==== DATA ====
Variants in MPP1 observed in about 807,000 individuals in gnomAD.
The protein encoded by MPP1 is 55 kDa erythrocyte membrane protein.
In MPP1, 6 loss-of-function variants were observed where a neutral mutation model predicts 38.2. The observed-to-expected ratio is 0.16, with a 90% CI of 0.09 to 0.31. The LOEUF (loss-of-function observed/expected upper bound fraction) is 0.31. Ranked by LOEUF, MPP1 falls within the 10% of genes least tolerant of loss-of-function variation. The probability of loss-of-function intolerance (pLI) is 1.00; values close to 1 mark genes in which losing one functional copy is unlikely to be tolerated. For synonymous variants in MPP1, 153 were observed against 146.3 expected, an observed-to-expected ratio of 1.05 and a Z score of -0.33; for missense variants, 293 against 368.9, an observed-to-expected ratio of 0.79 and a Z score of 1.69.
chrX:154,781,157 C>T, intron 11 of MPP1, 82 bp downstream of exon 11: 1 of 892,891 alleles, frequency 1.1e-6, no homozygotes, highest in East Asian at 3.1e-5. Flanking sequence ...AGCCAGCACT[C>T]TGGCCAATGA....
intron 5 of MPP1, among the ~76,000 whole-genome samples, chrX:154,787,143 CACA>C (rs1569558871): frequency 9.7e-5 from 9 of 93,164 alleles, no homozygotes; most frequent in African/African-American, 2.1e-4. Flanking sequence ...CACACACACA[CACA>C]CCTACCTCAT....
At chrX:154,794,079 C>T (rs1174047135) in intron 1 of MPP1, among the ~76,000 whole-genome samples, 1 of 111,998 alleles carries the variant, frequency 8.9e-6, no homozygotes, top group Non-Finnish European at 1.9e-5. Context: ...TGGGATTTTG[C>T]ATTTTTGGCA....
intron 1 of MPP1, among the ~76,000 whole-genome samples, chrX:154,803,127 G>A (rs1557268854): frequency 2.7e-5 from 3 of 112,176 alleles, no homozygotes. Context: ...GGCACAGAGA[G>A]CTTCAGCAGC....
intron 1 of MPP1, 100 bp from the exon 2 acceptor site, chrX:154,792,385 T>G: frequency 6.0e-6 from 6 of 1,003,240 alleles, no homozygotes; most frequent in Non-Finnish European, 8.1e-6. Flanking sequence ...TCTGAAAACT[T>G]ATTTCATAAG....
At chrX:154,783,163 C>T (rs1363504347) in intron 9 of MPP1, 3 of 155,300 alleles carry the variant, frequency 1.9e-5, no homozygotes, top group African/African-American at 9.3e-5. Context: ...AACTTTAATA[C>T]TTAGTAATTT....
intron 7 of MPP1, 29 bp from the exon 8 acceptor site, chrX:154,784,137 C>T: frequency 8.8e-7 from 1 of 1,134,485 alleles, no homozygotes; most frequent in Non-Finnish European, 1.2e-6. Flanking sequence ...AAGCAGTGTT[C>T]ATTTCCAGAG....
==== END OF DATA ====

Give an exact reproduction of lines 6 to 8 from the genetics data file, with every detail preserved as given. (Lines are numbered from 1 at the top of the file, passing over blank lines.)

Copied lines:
At chrX:154,794,079 C>T (rs1174047135) in intron 1 of MPP1, among the ~76,000 whole-genome samples, 1 of 111,998 alleles carries the variant, frequency 8.9e-6, no homozygotes, top group Non-Finnish European at 1.9e-5. Context: ...TGGGATTTTG[C>T]ATTTTTGGCA....
intron 1 of MPP1, among the ~76,000 whole-genome samples, chrX:154,803,127 G>A (rs1557268854): frequency 2.7e-5 from 3 of 112,176 alleles, no homozygotes. Context: ...GGCACAGAGA[G>A]CTTCAGCAGC....
intron 1 of MPP1, 100 bp from the exon 2 acceptor site, chrX:154,792,385 T>G: frequency 6.0e-6 from 6 of 1,003,240 alleles, no homozygotes; most frequent in Non-Finnish European, 8.1e-6. Flanking sequence ...TCTGAAAACT[T>G]ATTTCATAAG....